The Worst Resume of the Week: A Bad Start
The Worst Resume of the Week: A Bad Start
Great accomplishments are usless on a resume if the reader never gets to see them. The opening is critical.
Join the DZone community and get the full member experience.Join For Free
[Latest Guide] Ship faster because you know more, not because you are rushing. Get actionable insights from 7 million commits and 85,000+ software engineers, to increase your team's velocity. Brought to you in partnership with GitPrime.
This week we have a four page Java developer resume that needs help in a bunch of places. Again, I've redacted the content to protect the innocent.
The resume started with a SUMMARY. If you read my resume articles, I greatly appreciate summaries.
I am a Sr. Java Developer with experience directly managing developers.
He has extensive experience in the design and development of multi-tier applications using Java, J2EE, $LISTOF15TECHNOLOGIES.
I advise my Resume Raiders clients to avoid the use of first person ("I"), and I further advise any and all humans to never refer to themselves in third person. Using both within adjacent bullets highlights the issue.
As I've stated before, we can use implied first person on a resume, where "I am a Sr. Java Developer with..." becomes "Sr. Java Developer with..." and "He has extensive experience in..." becomes "Extensive experience in...". These types of errors will be forgiven by many screeners and wouldn't alone be an offense resulting in a deleted resume, but they get the reader to start leaning that way.
The second bullet listing of 15 technologies is another poor choice, particularly when many of these technologies were somewhat specific and rather niche. To say someone has extensive developing apps using Java, Spring, and Hibernate might be easy to believe. When you throw obscure technologies like R or Lisp into the mix (as this person did), it starts to sound like a bit of Buzzword Bingo.
The summary continues...
Responsible for leading a team of four developers in developing Java based applications.
Developed web application using $SERVERPRODUCT and $STANDARD compliant $COMPONENT using Java.
Used $IDE as IDE tool to develop the application and $BUGTOOL for bug and issue tracking
We've quickly gone from a proper SUMMARY into a list of specific individual accomplishments more suited for the EXPERIENCE section. The intent of the SUMMARY isn't to list several details so much as to provide an overview of what is to come.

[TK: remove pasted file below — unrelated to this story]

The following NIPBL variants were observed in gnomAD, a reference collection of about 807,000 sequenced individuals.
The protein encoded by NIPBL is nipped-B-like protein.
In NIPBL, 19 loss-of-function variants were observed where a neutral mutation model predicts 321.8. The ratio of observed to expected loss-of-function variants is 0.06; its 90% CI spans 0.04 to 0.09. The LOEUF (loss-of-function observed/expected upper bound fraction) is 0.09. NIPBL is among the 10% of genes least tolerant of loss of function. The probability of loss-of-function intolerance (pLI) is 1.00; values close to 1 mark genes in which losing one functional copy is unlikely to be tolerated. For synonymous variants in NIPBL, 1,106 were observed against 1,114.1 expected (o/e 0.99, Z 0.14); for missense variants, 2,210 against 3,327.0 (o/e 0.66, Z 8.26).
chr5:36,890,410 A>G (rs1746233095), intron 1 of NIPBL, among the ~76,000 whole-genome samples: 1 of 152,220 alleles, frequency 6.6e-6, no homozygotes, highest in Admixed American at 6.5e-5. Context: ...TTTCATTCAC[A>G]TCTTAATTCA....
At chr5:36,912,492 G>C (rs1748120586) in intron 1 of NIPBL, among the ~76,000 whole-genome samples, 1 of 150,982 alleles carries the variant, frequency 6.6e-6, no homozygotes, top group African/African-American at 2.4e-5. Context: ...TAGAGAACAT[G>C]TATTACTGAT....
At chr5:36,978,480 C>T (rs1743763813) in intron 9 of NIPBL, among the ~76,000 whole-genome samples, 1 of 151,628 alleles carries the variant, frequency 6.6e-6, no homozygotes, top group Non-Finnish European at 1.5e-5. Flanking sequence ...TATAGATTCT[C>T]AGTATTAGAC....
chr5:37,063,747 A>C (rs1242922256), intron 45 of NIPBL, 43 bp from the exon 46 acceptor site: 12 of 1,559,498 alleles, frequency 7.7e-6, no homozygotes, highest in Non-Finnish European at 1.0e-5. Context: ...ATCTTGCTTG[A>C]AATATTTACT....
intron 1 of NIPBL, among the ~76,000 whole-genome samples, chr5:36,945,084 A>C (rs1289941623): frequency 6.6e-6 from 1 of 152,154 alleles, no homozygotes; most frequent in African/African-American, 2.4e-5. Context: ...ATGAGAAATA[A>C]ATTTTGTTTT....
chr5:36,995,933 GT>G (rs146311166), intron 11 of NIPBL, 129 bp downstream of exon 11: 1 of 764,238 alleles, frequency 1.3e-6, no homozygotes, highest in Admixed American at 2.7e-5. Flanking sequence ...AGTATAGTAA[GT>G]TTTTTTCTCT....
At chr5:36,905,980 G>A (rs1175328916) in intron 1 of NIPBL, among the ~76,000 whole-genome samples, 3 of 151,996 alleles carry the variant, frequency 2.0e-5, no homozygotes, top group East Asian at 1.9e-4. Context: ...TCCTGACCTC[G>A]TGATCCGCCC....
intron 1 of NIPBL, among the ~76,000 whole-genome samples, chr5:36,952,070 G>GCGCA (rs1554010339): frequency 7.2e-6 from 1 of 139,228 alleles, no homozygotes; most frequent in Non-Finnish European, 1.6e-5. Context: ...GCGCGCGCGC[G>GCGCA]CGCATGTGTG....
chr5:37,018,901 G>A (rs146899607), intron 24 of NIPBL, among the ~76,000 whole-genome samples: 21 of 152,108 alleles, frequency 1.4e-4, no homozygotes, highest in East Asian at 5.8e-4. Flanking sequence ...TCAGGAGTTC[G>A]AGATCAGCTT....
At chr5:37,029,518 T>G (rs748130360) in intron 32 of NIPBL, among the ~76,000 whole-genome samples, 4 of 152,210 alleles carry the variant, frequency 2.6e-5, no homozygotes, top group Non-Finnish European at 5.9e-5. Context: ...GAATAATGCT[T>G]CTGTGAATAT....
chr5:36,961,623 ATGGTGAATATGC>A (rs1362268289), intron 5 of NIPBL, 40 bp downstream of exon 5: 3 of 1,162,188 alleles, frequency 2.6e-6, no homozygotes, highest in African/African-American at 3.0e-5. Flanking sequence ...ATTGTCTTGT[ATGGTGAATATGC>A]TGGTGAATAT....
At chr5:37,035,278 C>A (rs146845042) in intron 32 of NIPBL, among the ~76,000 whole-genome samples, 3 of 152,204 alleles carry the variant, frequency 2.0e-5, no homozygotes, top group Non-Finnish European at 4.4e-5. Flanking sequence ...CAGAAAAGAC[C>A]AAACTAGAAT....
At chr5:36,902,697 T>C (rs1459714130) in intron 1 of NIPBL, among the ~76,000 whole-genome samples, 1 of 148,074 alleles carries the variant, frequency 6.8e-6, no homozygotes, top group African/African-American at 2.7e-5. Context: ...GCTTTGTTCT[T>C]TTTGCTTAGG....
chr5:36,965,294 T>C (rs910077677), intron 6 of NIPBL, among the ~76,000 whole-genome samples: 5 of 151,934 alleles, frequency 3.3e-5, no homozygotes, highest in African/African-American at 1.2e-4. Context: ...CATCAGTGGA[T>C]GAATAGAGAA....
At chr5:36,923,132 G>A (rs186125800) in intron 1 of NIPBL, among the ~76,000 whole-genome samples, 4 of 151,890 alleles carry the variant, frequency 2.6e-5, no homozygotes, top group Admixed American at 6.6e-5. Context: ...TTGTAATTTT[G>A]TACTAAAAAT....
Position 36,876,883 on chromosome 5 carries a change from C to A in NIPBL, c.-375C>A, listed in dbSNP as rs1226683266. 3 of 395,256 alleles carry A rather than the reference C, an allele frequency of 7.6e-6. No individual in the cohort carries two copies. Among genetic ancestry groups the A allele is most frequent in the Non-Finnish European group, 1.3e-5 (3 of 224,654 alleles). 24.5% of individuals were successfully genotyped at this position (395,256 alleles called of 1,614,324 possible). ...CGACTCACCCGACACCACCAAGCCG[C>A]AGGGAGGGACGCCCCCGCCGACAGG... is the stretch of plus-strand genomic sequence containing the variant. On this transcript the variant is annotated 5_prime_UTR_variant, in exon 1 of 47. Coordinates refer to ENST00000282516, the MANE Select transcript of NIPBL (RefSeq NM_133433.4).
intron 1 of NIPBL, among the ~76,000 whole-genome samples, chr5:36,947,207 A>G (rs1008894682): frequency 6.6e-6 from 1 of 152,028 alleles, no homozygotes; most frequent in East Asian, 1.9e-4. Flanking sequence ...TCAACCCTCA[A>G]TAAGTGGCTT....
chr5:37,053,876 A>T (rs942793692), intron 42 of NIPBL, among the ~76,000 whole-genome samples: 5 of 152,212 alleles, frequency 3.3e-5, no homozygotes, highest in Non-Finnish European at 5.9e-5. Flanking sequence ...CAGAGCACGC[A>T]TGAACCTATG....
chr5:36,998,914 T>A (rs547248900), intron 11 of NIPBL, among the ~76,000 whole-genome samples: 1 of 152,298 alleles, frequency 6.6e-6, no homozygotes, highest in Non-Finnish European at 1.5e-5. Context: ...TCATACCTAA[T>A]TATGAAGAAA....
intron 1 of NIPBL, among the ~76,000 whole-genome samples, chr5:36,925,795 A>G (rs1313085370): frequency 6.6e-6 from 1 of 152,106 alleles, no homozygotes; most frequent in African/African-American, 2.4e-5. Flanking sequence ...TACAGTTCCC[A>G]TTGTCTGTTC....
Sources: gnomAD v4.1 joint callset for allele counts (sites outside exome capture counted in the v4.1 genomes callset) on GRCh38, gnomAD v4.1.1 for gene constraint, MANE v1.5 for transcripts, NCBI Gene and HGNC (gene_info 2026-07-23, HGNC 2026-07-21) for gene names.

The first bullet listing leadership is appropriate for a summary, but it should be generalized. We could take the top three bullets and write a pretty good summary: "Senior Java Developer experienced in both building web applications and leading teams of up to four developers."
You certainly don't need to reference an IDE in a summary, and it's a bit redundant to mention that you used an IDE as an IDE or a bug tracking tool as a bug tracking to0l. That's what the tools do - we know that already.
Next comes a list of 48 technologies divided into three columns of 16, bulleted and in alphabetical order. There are several problems with this.
For one, the bulleting and use of three columns makes it take up about a half page where five lines would suffice if listed using commas. Let's assume we're not grading our resume on space efficiency. What else is wrong?
Listing things alphabetically tells the reader absolutely nothing about your skills, because this method places no weight on any individual skill. You could be the world's most prominent expert on XML, but if you list things alphabetically the reader might never even see that term. Writers should list technologies based on expertise and knowledge from most to least, where the first technologies listed would be considered primary skills and the last ones might be things you've been exposed to infrequently.
The sad part is that the rest of this resume was actually pretty good. The experience section had some solid accomplishments and a somewhat impressive work history. Hopefully the first impression wouldn't cause a screener to jump to a conclusion and reject a candidate before getting to the good parts.
The lesson for resume screeners is to try and give the benefit of the doubt with the early material so you don't miss any positive signals hidden in the end. The lesson for resume writers is to remember that screeners are reading top down, so make sure the material at the beginning is effective in keeping our attention.
Opinions expressed by DZone contributors are their own.